The Combined Training Conference will shape the training and exercises conducted between NATO nations for years to come, and is a demonstration of U.S. and NATO commitment to regional security.

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1,000 features, 400 writers: Anti-war essays, poems, short stories and literary excerpts

October 23, 2014 Leave a comment

Anti-war essays, poems, short stories and literary excerpts

Georg Brandes (1916)

Each human life represents a value. Mankind is not alike. There is slight consolation in the fact that our losses were one thousand, and the enemy’s ten.

Who knows if among those one thousand there was not a man who would have been the honour of his country, the benefactor of humanity throughout the centuries?

There may have been a Shakespeare or a Newton, a Kant or a Goethe, a Moliere or a Pasteur, a Copernicus, a Rubens, a Tolstoi among the hundreds of thousands of twenty-year-old English, French, German, Polish, Belgian, or Russian soldiers who have fallen.

The press, in belligerent countries, has taken upon itself to excite hatred against the enemy in order to create war enthusiasm. It should remember that the destroying hatred it calls into existence will live long after the war, and will inevitably give birth to new wars. The longer the war lasts, the shorter the coming peace will be.

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NATO Commander: Ready To Mobilize Georgian Military

October 23, 2014 1 comment

Trend News Agency
October 23, 2014

NATO ready to mobilize efforts for further development of Georgian armed forces
By Nana Kirtzkhalia

Nato_Georgia_flags_Album

Tbilisi: NATO’s supreme allied commander and head of U.S. European Command Gen. Philip Breedlove expressed readiness to mobilize the efforts for the further development of the Georgian armed forces.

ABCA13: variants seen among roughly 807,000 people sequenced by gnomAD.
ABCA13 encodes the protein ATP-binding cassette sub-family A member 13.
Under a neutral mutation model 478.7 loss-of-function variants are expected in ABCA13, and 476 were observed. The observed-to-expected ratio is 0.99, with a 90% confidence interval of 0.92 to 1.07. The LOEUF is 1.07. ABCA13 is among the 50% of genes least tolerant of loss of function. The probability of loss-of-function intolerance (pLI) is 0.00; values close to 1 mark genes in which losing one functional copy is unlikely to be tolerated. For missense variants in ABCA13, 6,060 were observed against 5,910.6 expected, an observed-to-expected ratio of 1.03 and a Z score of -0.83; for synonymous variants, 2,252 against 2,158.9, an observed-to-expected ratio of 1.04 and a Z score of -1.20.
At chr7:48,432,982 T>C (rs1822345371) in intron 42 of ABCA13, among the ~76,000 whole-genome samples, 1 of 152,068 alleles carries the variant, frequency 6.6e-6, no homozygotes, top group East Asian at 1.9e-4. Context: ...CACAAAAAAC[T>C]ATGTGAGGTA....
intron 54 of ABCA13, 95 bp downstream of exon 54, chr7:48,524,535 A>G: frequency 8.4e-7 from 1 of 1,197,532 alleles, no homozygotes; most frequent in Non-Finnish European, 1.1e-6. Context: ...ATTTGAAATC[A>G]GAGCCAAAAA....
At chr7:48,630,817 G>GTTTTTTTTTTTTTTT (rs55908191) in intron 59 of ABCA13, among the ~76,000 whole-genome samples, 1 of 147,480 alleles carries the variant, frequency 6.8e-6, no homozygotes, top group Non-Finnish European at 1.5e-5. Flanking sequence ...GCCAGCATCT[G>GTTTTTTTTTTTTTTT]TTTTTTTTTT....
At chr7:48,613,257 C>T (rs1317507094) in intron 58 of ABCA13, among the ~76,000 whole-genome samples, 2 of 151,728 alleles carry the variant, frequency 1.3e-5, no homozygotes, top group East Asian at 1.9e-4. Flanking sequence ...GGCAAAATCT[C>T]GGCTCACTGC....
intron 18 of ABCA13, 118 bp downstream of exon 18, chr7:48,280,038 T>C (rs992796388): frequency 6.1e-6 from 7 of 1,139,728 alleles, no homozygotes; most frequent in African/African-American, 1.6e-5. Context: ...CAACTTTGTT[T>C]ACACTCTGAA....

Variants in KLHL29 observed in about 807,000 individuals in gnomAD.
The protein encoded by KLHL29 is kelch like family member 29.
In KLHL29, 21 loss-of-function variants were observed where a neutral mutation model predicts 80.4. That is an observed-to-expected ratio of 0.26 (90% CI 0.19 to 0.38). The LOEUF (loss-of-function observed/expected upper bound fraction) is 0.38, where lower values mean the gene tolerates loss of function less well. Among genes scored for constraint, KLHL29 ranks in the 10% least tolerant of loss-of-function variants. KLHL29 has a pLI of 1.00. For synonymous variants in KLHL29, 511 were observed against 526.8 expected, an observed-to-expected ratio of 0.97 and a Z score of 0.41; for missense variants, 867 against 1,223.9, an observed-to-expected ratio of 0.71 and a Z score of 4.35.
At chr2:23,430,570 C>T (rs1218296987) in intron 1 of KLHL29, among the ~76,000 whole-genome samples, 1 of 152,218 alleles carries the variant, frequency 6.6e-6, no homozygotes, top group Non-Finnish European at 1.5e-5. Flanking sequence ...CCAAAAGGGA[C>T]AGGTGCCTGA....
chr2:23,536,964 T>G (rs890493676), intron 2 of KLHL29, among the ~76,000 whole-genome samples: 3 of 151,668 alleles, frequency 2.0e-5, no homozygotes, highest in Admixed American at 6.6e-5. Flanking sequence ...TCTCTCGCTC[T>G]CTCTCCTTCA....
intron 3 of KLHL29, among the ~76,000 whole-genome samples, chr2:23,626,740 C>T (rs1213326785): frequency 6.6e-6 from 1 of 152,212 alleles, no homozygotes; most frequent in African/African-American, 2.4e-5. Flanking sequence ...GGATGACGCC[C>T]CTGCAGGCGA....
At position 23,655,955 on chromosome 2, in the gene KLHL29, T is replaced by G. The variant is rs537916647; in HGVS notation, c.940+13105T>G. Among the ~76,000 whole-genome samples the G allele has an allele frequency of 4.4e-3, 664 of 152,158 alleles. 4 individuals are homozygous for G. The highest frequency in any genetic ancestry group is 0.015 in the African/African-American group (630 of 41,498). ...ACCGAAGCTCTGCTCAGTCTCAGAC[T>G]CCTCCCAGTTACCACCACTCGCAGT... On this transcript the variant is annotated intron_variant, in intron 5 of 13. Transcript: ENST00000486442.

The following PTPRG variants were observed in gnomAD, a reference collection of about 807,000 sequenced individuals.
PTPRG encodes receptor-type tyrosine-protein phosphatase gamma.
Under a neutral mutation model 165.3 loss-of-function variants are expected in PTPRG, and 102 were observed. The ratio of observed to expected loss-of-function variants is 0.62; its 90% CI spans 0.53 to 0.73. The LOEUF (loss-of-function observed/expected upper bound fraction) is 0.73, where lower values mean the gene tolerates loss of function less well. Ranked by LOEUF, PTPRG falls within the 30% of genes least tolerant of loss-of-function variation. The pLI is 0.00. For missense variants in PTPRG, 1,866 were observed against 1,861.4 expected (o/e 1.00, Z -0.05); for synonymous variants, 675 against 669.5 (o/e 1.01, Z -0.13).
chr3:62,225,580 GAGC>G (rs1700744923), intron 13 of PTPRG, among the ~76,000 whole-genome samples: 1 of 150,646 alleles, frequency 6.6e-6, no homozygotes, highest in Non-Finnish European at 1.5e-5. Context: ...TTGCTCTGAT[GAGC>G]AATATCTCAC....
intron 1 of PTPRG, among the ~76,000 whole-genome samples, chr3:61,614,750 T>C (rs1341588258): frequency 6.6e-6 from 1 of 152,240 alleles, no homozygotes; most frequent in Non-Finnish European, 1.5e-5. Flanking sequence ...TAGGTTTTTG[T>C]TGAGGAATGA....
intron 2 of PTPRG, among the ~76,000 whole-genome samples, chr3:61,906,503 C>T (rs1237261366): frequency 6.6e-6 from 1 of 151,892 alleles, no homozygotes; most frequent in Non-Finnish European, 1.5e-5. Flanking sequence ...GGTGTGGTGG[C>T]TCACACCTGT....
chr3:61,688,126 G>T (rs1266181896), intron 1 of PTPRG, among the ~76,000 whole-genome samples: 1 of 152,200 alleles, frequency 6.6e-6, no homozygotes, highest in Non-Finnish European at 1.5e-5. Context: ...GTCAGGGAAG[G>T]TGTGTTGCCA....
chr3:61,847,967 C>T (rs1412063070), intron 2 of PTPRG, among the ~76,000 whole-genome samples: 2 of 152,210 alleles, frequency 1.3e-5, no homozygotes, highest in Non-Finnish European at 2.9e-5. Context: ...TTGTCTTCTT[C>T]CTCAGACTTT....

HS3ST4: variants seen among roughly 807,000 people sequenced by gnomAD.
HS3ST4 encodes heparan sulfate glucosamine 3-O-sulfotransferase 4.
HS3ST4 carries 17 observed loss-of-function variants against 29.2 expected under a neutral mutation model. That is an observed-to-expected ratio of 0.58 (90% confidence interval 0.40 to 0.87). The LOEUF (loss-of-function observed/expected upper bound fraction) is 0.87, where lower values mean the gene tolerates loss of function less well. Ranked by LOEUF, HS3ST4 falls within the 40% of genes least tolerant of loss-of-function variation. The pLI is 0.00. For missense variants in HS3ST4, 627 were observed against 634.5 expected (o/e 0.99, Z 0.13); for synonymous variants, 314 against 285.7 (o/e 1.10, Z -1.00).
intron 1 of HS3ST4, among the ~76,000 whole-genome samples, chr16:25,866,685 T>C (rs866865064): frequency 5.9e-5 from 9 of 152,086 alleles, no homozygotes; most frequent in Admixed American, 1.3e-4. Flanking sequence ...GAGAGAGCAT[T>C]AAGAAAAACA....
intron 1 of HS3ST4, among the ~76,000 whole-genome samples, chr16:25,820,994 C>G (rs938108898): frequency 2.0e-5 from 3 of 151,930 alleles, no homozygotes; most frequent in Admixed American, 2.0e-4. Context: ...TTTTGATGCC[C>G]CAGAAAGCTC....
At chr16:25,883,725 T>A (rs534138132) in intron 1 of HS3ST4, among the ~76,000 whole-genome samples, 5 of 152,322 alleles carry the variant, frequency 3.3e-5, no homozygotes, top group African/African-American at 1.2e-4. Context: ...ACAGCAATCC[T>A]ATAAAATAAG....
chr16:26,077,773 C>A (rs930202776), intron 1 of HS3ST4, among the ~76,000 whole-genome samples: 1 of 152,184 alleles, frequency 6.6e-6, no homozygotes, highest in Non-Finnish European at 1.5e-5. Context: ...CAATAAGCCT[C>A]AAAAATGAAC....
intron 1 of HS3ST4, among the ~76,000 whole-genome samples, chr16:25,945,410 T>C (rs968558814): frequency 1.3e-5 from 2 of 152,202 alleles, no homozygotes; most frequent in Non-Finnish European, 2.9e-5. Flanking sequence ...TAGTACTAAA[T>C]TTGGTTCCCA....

Breedlove made this statement during a joint press conference with Georgian Defense Minister Irakli Alasania.

“We will spare no effort for the great development of the Georgian armed forces and for the cooperation between NATO and Georgia to be closer,” he said. “It is necessary to participate in international missions. I am sure that it is possible to cope with the problems on the basis of cooperation. The partnership and joint work are the NATO main keynotes.”

A package of measures encouraging Georgia in its strive for membership in the alliance was approved during the NATO summit, held in Wales on September 4-5.

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Civil Georgia
October 22, 2014

Top NATO Commander: ‘Partnership with Georgia Rock Solid’

Tbilisi: Implementation of package of enhanced cooperation offered by NATO to Georgia at the summit in Wales was discussed in meetings between top NATO commander, General Philip Breedlove, and the Georgian leadership in Tbilisi on October 22, officials said after the talks.

U.S. Air Force General Philip Breedlove, who is NATO’s Supreme Allied Commander Europe and commander of U.S. forces in Europe, met Defense Minister Irakli Alasania and then also held talks with PM Irakli Garibashvili with participation of other senior officials, including interior and justice ministers.

“The partnership that Georgia has made with NATO remains rock solid,” Gen. Breedlove said after the meeting with the Defense Minister.

Defense Minister Alasania said after the meeting: “We have discussed timely implementation of establishment of joint [NATO-Georgia] training center in Georgia; we have also discussed how we are going to jointly plan regular military exercises together with NATO. Of course we have also discussed regional security, especially in the context of Russia’s aggression in Ukraine and developments in Syria and Iraq; we also spoke about how NATO and Georgia will continue joint efforts to address these threats.”

Gen. Breedlove said that the “substantial package” agreed at the NATO summit in Wales will help Georgia “advance in its preparation towards membership” in the Alliance. Key initiatives include, he said, establishment of defense capacity building mission in Georgia with the particular focus on the Ministry of Defense and assistance to Georgia in continued reform and modernization of its defense and security sector. He said that the package will also help Georgia to increase its interoperability with NATO through “more Georgian participation in NATO exercises and military exercises in Georgia.”